Ketotifen in the Prophylaxis of Extrinsic Bronchial Asthma: Conclusion
Although this procedure inescapably compounds differences based upon monitoring of symptoms (ie, drug usage is reduced until symptoms appear). Results of the present study show that 42 percent of the patients receiving slow-release oral ketotifen were able to reduce (or, in some cases, stop) the amount of additional antiasthmatic drug therapy, compared to 27 percent of patients receiving a placebo. This outcome accords with experience in previous trials with ketotifen, and the drug-sparing effect of ketotifen is comparable to that of cromolyn sodium in a study of similar design. read
An important problem in preventive drug treatment is long-term patient compliance. In asthma, this is adversely affected by a lack of subjectively perceived relief of symptoms that can be related directly to drug usage, duration of treatment, route of application, and the occurrence of side effects. The need for lengthy treatment, during which there may be a protracted interval without evident benefit, is well established in patients treated with ketotifen. Also, the need for one or two months of therapy before detection of benefit has emerged from numerous controlled studies. A five-year review of clinical trials by Craps and associates2 suggests that between 6 and 12 weeks of treatment may be mandatory for detection of a prophylactic effect. In this vein, it has been recommended that a trial of cromolyn sodium should preferably last one to two months before any decision is made regarding efficacy. It is likely that the patients compliance could have been influenced by the incidence of side effects, because during the first weeks, when the rate of side effects was high, overall noncompliance was also high. Nonetheless, the rate of noncompliance was relatively low in light of the high incidence of side effects during the period before treatment. This trend of reduced side effects and improved compliance was evident in both groups and may reflect adaptation to the questionnaire. Moreover, it is possible that sedative actions of slow-release oral ketotifen may diminish sleep disturbances so that this property is not necessarily perceived as an adverse effect by asthmatic patients.
In this trial, some of the clinical centers had patients in whom sedation was infrequent; in other centers, patients had a very high incidence of sedation. It is also interesting to note the high incidence of side effects (especially sedation, sleepiness and drowsiness) in the group receiving placebo (26 percent). The incidence of side effects arising from use of 2 mg of the slow-release oral formulation of ketotifen taken each night could be compared to that of a regimen of a 1 mg standard tablet of ketotifen taken twice per day. In earlier studies the incidence of side effects has been as high as 15 to 20 percent. The occurrence of increased side effects and increased noncompliance in both groups during weeks 10 to 12 reflects the outcome of reduction of concomitant therapy and indicates that this type of design may be inappropriate for the study of the efficacy of prophylactic drugs.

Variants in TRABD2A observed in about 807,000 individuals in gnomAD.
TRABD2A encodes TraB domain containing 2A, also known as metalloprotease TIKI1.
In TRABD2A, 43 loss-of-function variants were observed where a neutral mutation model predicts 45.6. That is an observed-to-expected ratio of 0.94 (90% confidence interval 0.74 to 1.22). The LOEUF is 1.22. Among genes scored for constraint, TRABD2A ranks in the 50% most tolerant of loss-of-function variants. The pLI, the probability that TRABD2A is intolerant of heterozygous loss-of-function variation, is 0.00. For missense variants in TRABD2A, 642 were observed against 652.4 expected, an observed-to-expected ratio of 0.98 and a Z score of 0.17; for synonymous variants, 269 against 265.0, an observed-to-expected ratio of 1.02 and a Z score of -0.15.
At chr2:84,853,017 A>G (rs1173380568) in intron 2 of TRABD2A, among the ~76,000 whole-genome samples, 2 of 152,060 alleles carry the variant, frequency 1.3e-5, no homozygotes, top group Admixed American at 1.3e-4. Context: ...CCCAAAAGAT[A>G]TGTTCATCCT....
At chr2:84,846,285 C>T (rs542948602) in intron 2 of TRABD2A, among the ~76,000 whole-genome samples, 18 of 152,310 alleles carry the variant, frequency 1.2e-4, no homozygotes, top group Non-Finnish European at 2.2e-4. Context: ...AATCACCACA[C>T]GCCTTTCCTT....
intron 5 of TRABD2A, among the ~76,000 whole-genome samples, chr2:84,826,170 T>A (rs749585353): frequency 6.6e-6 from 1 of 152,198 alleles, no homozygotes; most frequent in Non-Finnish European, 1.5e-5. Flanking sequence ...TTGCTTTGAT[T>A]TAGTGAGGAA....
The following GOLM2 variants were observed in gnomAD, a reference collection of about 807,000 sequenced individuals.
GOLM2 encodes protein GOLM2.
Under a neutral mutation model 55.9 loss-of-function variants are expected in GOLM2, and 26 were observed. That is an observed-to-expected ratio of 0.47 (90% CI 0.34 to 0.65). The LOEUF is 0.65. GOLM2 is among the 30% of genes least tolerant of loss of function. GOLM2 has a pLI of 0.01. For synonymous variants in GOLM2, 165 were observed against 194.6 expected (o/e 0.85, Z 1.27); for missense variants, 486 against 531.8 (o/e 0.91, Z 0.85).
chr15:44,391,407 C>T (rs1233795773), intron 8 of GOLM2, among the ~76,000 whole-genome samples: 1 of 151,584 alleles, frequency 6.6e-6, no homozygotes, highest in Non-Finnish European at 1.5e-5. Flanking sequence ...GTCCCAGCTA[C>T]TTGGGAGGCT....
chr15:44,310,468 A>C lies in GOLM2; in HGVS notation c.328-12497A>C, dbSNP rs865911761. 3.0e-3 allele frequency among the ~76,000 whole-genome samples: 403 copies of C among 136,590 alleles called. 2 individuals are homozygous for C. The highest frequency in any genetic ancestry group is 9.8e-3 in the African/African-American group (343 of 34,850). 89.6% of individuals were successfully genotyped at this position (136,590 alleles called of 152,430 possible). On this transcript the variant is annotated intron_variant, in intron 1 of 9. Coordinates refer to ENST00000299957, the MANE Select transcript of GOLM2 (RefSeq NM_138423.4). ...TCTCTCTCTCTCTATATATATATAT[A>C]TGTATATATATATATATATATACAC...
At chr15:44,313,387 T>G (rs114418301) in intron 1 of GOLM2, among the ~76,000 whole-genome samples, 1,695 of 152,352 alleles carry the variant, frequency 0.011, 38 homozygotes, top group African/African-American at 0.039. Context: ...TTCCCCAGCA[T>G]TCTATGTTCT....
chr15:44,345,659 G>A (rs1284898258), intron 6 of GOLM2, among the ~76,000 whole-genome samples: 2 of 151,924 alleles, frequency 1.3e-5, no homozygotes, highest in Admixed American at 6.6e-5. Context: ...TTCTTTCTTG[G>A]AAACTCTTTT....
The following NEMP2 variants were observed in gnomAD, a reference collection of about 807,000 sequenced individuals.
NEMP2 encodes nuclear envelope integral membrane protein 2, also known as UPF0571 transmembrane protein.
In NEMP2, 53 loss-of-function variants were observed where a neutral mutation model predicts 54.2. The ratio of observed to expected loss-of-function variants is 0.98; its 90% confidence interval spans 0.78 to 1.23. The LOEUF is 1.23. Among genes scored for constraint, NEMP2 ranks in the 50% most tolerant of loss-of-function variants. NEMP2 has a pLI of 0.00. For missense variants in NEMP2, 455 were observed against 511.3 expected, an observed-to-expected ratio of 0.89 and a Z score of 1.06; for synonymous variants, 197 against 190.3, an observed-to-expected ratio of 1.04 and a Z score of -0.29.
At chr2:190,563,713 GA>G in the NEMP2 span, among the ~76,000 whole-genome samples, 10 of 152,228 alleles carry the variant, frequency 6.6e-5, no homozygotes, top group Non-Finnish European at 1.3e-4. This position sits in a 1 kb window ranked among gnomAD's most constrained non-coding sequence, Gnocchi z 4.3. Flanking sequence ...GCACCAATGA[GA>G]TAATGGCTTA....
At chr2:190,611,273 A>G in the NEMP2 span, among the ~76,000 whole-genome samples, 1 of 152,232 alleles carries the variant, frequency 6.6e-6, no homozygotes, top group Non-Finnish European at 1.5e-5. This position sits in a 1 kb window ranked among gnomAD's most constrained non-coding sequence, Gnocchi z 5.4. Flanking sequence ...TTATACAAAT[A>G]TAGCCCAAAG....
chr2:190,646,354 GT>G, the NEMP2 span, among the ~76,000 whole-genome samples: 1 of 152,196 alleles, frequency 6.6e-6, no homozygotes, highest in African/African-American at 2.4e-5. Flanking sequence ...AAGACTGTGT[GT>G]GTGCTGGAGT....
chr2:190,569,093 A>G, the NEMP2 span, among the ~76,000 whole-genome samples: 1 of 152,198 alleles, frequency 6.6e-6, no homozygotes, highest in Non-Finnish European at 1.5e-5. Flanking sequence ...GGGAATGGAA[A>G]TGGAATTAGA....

In conclusion, a slow-release oral formulation containing 2 mg of ketotifen administered once per day at night has been shown to be significantly more effective than a placebo in ameliorating the signs and symptoms of mild bronchial asthma over a treatment period of 12 weeks. Side effects (eg, sedation, sleepiness and drowsiness) occurred more frequently in the group receiving slow-release oral ketotifen than in the group receiving placebo, but this difference declined during continued treatment. The once-daily regimen of the new form of slow-release oral ketotifen seems to be superior to the twice-daily regimen in that the incidence of side effects was diminished without loss of efficacy, leading to improved compliance.